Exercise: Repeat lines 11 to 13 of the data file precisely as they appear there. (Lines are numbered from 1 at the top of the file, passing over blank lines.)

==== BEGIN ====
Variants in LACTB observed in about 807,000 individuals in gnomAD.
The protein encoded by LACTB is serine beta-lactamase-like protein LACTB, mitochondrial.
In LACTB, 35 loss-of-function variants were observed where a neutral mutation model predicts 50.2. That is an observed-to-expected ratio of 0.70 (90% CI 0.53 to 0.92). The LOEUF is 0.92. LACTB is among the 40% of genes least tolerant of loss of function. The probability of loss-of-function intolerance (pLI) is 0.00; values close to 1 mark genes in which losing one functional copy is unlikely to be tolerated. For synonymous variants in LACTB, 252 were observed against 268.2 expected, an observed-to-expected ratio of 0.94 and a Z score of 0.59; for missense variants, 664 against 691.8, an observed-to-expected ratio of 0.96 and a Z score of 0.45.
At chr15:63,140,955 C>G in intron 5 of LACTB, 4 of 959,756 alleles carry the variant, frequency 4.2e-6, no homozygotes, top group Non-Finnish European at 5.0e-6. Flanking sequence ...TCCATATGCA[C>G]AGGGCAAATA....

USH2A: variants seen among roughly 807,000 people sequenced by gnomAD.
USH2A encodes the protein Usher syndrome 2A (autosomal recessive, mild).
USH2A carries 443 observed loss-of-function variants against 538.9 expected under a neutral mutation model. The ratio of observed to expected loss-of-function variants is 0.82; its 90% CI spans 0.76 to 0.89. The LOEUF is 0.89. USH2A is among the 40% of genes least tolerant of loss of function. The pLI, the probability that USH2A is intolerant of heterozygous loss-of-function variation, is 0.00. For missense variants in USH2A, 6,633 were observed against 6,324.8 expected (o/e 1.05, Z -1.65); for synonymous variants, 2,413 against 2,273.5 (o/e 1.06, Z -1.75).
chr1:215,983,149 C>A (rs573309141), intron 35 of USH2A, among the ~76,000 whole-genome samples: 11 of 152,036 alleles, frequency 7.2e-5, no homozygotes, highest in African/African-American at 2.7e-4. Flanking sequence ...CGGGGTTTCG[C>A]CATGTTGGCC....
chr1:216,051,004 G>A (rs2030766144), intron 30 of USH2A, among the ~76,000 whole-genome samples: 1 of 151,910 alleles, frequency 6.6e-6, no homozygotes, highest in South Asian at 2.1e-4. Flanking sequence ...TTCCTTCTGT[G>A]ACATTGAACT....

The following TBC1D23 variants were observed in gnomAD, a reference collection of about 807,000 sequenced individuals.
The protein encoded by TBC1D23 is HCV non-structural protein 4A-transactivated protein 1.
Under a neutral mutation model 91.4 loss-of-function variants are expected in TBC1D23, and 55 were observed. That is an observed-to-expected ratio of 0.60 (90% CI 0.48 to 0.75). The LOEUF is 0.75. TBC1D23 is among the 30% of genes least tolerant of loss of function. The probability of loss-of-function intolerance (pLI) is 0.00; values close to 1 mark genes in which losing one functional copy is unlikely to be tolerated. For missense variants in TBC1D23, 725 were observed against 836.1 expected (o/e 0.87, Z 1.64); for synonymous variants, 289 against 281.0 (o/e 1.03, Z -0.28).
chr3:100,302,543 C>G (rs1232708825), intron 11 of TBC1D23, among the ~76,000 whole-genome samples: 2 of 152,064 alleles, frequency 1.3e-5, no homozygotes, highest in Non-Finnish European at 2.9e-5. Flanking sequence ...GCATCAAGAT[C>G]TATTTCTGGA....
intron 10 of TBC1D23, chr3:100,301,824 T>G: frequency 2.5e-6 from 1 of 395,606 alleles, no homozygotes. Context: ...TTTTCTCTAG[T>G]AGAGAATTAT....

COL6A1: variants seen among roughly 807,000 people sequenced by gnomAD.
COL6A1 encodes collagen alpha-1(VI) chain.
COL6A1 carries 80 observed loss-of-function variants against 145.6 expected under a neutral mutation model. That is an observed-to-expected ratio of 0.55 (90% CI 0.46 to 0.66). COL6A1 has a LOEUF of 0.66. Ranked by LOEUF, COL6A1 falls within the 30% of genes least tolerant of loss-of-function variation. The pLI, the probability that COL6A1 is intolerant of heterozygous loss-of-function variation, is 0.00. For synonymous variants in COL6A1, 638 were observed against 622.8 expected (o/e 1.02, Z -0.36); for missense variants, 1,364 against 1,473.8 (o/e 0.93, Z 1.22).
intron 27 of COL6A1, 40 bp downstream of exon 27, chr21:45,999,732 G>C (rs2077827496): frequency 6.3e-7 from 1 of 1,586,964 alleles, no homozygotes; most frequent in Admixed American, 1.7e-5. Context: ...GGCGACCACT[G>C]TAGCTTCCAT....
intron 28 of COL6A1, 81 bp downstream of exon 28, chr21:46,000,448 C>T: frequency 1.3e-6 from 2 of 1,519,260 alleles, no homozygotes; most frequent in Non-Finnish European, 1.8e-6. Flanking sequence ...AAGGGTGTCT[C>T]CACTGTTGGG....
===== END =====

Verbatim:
The protein encoded by TBC1D23 is HCV non-structural protein 4A-transactivated protein 1.
Under a neutral mutation model 91.4 loss-of-function variants are expected in TBC1D23, and 55 were observed. That is an observed-to-expected ratio of 0.60 (90% CI 0.48 to 0.75). The LOEUF is 0.75. TBC1D23 is among the 30% of genes least tolerant of loss of function. The probability of loss-of-function intolerance (pLI) is 0.00; values close to 1 mark genes in which losing one functional copy is unlikely to be tolerated. For missense variants in TBC1D23, 725 were observed against 836.1 expected (o/e 0.87, Z 1.64); for synonymous variants, 289 against 281.0 (o/e 1.03, Z -0.28).
chr3:100,302,543 C>G (rs1232708825), intron 11 of TBC1D23, among the ~76,000 whole-genome samples: 2 of 152,064 alleles, frequency 1.3e-5, no homozygotes, highest in Non-Finnish European at 2.9e-5. Flanking sequence ...GCATCAAGAT[C>G]TATTTCTGGA....